Mojo

She Bop!

As the Runaways movie hits cinemas, here's to our 10 favorite all-girl bands.

International Sweethearts Of Rhythm: Formed in the late 1930s, the Sweethearts were the first integrated all-female band in America. 16-pieces strong, their ranks included Latina, African-American, Asian and Native-American musicians. Defying sexism and racism, the girls toured from Harlem to Houston, swinging their jazzy arrangements with a jubilant fervour.

 

Goldie & The Gingerbreads: In the early '60s, girl vocal groups were everywhere. But this pioneering New York four-piece broke new ground by accompanying themselves on drums, bass, guitar and organ. With mod beehives and a sassy snap, they made pop with a Brill Building-meets-British Invasion fizz. Signed by Atlantic Records, they went on to cut eight singles, then tour with The Kinks, The Yardbirds and The Rolling Stones, before splitting in 1967.

 

The Shaggs: One day in 1968, four teenage sisters from Fremont, New Hampshire cut a bunch of self-penned tunes in a local studio. Naïve, playful and weird, their indie album Philosophy Of The World would've remained forever obscure if not rediscovered and re-released by the band NRBQ. Love it or loathe it, there's a fascination in the Shaggs' chaos and dissonance. It's like discovering some paramecium tangent of rock evolution that was never allowed to fully develop.

 

Fanny: Consider Fanny's credentials: In 1970, they became the first all-female rock band to release an album on a major label. They cut five albums, had two Top 40 hits, recorded with Todd Rundgren, Barbra Streisand and David Bowie, and toured their boogaloo sound around the world. And yet they remain a tiny footnote in the history books. Why? Maybe it was the sexist ad campaigns--"Get Behind Fanny"--or maybe it just wasn't their time. Whatever the reason, this California quartet, led by Filipino sisters June and Jean Millington, are ripe for a full-on redux.

 

Isis: The feminist tide was rising in the early 1970s--Gloria Steinem, Women's Lib, Equal Rights Amendment. Add to that list the mighty Isis. An 8-piece outfit, founded by ex-Goldie & The Gingerbreads members, they could've been called Blood, Sweat & Tears & Hips. They tread a similar territory of R&B and funk, with stacked horns, pumping congas and soulful vocals. Despite three solid albums and tours with everyone from The Beach Boys to Aerosmith, Isis remained ahead of their time, never breaking through.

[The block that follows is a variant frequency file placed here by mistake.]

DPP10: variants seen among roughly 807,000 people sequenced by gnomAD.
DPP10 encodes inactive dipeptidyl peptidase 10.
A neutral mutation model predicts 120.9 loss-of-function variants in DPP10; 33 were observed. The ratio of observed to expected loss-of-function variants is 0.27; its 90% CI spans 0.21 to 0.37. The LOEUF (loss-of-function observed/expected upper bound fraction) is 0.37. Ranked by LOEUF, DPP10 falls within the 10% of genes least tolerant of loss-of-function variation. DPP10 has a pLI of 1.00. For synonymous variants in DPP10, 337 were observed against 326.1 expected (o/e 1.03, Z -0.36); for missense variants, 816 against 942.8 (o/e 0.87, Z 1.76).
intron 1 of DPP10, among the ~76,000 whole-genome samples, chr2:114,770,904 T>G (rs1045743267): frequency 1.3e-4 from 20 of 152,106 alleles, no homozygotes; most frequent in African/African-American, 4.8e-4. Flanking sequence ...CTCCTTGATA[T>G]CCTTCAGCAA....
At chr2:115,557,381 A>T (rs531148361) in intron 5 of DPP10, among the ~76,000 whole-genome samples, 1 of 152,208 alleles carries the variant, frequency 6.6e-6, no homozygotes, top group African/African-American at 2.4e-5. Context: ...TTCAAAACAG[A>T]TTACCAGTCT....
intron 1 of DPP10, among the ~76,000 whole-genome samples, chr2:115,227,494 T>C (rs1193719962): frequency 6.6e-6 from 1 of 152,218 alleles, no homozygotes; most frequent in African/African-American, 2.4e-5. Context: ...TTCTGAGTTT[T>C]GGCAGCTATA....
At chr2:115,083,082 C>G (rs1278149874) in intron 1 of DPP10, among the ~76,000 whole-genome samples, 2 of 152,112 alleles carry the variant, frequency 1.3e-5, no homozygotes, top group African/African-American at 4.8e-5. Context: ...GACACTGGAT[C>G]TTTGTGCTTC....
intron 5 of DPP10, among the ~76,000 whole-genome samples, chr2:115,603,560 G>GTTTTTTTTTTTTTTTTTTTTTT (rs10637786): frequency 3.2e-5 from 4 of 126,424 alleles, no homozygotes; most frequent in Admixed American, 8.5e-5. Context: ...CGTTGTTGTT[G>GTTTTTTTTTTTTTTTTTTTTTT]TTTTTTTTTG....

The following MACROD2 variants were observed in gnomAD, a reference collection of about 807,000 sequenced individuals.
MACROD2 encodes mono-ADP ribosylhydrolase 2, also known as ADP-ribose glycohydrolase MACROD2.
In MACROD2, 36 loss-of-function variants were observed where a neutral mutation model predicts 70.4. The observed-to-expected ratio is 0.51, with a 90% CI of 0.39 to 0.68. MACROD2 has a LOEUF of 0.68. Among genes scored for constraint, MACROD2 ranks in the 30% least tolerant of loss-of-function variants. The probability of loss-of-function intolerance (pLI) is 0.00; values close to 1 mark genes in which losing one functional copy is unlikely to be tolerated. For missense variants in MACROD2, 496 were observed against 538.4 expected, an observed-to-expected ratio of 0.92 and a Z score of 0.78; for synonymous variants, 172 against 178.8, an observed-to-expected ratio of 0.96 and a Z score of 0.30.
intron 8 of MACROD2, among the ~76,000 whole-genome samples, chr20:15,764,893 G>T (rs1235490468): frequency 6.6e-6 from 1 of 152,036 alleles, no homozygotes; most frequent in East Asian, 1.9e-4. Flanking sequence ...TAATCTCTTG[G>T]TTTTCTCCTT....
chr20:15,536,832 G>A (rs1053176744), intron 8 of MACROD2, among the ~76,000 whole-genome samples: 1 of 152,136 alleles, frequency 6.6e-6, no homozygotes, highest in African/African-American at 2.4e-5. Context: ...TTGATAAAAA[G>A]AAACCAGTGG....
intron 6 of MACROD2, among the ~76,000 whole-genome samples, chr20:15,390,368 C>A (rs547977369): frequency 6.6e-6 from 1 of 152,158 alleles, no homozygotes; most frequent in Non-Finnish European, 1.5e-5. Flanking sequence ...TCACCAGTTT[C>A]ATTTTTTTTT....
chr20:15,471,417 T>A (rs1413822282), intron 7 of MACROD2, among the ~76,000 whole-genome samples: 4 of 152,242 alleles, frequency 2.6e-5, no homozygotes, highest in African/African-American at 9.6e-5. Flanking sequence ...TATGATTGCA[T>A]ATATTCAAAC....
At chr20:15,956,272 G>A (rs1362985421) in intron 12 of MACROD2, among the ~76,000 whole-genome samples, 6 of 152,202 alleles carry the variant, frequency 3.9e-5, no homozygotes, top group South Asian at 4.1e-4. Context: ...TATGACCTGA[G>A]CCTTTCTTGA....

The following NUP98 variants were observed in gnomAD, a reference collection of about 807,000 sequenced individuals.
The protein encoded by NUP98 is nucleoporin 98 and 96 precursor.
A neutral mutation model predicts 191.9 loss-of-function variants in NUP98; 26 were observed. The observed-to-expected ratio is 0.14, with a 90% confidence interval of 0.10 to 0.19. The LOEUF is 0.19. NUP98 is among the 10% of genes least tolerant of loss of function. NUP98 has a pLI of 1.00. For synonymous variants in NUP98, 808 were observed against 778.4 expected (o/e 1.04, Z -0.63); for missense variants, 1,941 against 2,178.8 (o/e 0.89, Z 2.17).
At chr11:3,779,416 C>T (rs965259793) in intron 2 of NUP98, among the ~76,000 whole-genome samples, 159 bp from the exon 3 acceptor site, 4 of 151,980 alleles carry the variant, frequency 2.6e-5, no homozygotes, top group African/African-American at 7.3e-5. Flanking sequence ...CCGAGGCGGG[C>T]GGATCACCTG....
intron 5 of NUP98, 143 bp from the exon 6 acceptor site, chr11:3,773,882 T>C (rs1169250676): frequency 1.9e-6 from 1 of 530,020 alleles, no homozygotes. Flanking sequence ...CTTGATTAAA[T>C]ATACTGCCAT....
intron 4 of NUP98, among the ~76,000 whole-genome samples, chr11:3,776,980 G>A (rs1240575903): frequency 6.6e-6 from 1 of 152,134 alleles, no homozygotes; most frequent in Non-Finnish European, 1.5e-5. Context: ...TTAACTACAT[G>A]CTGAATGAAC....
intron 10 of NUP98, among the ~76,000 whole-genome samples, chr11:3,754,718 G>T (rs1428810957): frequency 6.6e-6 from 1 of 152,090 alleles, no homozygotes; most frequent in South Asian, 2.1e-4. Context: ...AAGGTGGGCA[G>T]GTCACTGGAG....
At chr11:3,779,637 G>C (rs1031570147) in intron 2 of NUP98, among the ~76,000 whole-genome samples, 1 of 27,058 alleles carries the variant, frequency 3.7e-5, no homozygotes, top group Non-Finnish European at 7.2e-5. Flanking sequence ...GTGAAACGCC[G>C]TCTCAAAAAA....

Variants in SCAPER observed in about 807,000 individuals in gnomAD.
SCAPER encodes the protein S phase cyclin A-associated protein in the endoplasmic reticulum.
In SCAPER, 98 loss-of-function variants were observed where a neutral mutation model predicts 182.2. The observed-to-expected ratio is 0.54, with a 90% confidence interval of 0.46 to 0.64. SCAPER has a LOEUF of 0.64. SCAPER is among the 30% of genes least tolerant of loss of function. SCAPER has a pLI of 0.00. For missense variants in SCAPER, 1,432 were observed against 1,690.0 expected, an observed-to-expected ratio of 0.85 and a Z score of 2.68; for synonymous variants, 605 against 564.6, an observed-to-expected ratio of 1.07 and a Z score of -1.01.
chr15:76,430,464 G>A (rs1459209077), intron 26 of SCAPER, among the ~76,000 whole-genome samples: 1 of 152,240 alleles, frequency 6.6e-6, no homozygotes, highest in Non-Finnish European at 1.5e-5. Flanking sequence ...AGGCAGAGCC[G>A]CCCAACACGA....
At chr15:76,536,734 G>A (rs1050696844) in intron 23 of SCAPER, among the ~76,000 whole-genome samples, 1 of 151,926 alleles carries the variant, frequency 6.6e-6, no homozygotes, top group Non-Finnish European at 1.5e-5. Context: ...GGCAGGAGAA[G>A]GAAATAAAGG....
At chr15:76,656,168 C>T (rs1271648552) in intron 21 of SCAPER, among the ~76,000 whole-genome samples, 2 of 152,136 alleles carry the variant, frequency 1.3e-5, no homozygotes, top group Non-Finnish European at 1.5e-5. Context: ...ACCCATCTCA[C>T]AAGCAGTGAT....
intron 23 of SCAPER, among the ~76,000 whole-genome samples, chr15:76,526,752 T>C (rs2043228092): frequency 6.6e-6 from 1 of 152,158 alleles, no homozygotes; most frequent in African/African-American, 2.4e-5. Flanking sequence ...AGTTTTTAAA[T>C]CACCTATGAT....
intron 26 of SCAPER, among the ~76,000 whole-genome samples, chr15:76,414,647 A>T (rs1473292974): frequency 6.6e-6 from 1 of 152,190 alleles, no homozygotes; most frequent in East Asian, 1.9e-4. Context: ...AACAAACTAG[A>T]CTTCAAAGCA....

Runaways: Hot teenage girls with attitude. A sleazy Svengali manager. Sex, drugs and tight leather trousers. It's a wonder the story of the Runaways wasn't made into a movie sooner. In the mid-1970s, rock was still a man's world. But with a gritty live show and hits like "Cherry Bomb" and "Queens Of Noise," this quartet, led by Joan Jett and Cherie Currie, finally kicked down the doors for all-female bands. With Twilight phenom Kristin Stewart leading the cast as Jett in the new biopic, expect a Runaways revival.

 

Go-Go's: Relentless gigging in the California punk scene of the late '70s transformed this rough-around-the-edges quintet into a bouncy new wave hit machine. With a little help from MTV, they became the most commercially successful all-girl band ever. And with that success came the familiar arc--drugs, in-fighting, implosion, solo careers.

 

Bangles: If the Go-Go's were the bubbly sister who loved parties and flirting with guys, the Bangles were the one who stayed home and learned the guitar riff on "Eight Miles High." Their jangly pop reached its commercial peak in the mid-'80s with a string of hits, including "Manic Monday" and "If She Knew What She Wants." Pressures of success and friction led to a break-up in 1989. They reformed in 2002.

 

Luscious Jackson: The coolest female band of the '90s, this NYC quartet, led by Jill Cunniff and Gabby Glaser, stirred hip-hop beats and sly samples into a lo-fi melodic pop brew. Chart success, movie soundtracks and a much-loved series of TV ads for The Gap saw the band eventually lose some of their experimental edge. They split in 2000.

 

Plastiscines: "Fast, fresh and live" is how singer-guitarist Marine Neuilly describes the sound of her Parisian quartet. When they formed in 2004, "les bebes rockers" could barely play their instruments. But as their confidence built, so did their loud wall of Strokes-like guitars wrapped in Shangri-La's harmonies. They've appeared on Gossip Girl and at high fashion shows. But it was at a recent Coachella performance where they got the ultimate seal of approval, via three words from Iggy Pop: "Girls, you rocked."

 

Bonus track: Mo-Dettes: This one-hit wonder punkette band's claim to fame was meeting Prince Charles during a visit to Capital Radio, and leaving behind this totally infectious single:

 

And now over to you for your favorite all-female bands . .

View Comments